Microsoft Delivers Windows Server 2008 Hyper-V Virtualization (RTM)
There's no stopping the virtualization race. Microsoft has just released to manufacturing WIndows Server 2008 Hyper-V. The Release Candidate of its virtualization application is found here. Hyper-V is hypervisor-based virtualization software that allows you to run multiple operating systems concurrently, including Linux, on one installation of Windows Server.
According to Microsoft its key areas of focus with Hyper-V are:
- Server Consolidation--including the ability to integrate 32-bit and 64-bit workloads in the same environment;
- Business Continuity and Disaster Recovery--facilitating disaster recovery using geographically dispersed clustering capabilities;
- Testing and Development--allowing developers to test multiple OS and application scenarios in one environment;
- Dynamic Data Center--providing automated virtual machine reconfiguration, flexible resource control, and quick migration.
That last area of focus--on data centers--is a big part of why Microsoft is pursuing wrapping virtualization into Windows Server. The company wants Windows Server to have presence in data centers, even as Citrix, VMWare, Sun, Red Hat and others continue to optimze their virtualization offerings for data centers. (Red Hat just delivered its virtualization application oVirt, this week.) Microsoft has also posted a video interview on Hyper-V.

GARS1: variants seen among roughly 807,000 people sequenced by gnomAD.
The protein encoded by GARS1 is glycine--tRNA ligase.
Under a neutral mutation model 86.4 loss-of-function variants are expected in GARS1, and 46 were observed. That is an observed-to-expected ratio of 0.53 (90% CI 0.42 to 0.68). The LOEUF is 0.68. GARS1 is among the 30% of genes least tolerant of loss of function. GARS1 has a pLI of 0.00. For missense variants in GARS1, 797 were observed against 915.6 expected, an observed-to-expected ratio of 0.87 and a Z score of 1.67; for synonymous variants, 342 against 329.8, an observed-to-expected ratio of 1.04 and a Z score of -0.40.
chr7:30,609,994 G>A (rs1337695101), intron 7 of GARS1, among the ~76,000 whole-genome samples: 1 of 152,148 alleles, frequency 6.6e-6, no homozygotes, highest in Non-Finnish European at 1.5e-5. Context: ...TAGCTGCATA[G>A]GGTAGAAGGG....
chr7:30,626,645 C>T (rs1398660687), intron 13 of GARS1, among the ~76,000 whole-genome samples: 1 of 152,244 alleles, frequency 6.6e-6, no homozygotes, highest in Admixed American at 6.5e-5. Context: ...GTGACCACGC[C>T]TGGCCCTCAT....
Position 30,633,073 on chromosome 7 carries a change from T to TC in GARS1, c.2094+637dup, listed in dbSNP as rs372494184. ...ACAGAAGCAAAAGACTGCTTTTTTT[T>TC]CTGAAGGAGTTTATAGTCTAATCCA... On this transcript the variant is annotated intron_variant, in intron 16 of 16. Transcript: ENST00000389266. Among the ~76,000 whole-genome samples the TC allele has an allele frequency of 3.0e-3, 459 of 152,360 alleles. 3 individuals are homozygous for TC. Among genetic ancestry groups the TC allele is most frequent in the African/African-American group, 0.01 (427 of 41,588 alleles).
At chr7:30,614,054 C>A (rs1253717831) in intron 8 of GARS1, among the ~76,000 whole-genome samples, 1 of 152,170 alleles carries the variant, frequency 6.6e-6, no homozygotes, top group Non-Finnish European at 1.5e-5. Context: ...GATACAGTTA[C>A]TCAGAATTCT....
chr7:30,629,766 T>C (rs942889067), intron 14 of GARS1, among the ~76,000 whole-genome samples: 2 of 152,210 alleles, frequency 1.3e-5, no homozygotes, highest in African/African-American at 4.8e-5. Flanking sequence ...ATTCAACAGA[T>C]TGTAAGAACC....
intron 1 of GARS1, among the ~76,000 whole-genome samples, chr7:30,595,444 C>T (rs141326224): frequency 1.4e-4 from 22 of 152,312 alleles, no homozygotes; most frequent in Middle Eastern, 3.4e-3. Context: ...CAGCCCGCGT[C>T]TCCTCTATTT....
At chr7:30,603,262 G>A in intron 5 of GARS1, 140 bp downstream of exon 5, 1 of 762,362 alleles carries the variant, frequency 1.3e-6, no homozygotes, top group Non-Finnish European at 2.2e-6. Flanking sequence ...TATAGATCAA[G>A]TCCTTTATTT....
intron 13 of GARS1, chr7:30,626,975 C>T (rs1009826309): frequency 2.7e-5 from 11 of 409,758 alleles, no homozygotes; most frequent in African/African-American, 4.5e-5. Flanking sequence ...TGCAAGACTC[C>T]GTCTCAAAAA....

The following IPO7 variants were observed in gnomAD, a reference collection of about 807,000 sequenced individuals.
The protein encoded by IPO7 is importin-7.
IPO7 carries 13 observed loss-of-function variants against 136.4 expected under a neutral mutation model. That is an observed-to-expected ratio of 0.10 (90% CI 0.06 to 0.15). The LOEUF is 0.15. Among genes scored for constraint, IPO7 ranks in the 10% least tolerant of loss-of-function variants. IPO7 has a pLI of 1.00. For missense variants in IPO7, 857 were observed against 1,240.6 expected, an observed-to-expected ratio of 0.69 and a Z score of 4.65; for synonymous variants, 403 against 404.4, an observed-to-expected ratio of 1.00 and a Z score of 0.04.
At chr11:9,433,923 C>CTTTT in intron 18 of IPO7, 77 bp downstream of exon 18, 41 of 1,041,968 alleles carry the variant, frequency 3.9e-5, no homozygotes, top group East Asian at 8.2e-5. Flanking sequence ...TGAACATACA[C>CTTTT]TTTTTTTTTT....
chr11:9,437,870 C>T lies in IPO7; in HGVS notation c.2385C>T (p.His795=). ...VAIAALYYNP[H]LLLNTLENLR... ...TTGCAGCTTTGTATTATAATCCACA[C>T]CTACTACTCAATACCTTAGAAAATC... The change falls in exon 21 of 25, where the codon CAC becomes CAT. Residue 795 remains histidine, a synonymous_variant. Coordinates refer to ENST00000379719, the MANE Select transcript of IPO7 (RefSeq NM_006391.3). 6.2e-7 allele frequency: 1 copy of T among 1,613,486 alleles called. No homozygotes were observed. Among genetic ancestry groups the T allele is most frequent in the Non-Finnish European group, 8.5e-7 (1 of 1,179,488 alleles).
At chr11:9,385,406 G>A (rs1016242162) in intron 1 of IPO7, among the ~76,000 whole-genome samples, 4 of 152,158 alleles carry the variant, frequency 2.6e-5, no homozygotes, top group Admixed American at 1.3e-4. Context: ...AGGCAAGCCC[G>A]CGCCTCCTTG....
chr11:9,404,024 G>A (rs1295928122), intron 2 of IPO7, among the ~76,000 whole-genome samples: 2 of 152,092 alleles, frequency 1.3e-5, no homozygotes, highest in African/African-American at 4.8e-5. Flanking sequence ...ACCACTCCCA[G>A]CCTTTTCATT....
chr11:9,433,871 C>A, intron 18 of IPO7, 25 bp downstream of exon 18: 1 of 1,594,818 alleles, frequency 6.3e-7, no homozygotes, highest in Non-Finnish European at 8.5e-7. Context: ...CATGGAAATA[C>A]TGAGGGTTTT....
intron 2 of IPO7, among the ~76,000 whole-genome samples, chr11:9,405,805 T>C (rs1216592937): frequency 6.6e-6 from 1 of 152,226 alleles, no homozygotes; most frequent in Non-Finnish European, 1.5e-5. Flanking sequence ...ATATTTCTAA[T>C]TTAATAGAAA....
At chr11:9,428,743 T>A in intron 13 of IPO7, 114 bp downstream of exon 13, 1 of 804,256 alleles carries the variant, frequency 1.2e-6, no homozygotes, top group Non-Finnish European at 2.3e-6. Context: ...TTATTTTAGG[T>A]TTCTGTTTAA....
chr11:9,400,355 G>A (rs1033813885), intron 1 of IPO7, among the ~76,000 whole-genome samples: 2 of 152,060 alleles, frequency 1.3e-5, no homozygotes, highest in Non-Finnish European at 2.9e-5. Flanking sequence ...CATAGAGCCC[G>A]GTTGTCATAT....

Hyper-V can support up to four multiple processors in a virtual machine environment, and has a number of scalability and extensibility features, which you can read about here. Because it's wrapped into Windows Server, Hyper-V will no doubt gain some traction.
As Mendel Rosenblum, co-founder of VMWare, pointed out yesterday, virtualization is becoming increasingly commoditized. "You can buy your machines from Dell and just check a box to have this included." That's the kind of move Microsoft is probably focusing on--working in tandem with its hardware partners. It has a long history of automatically delivering software on servers and desktops, and gaining traction through sheer distribution might.
Additionally, Stacey Higginbotham, writing on our sister blog GigaOm, points out that Microsoft and Citrix are close partners. (Citrix's XenSource is a virtualization leader.) Could Hyper-V strain their relationship? Check out her thoughts.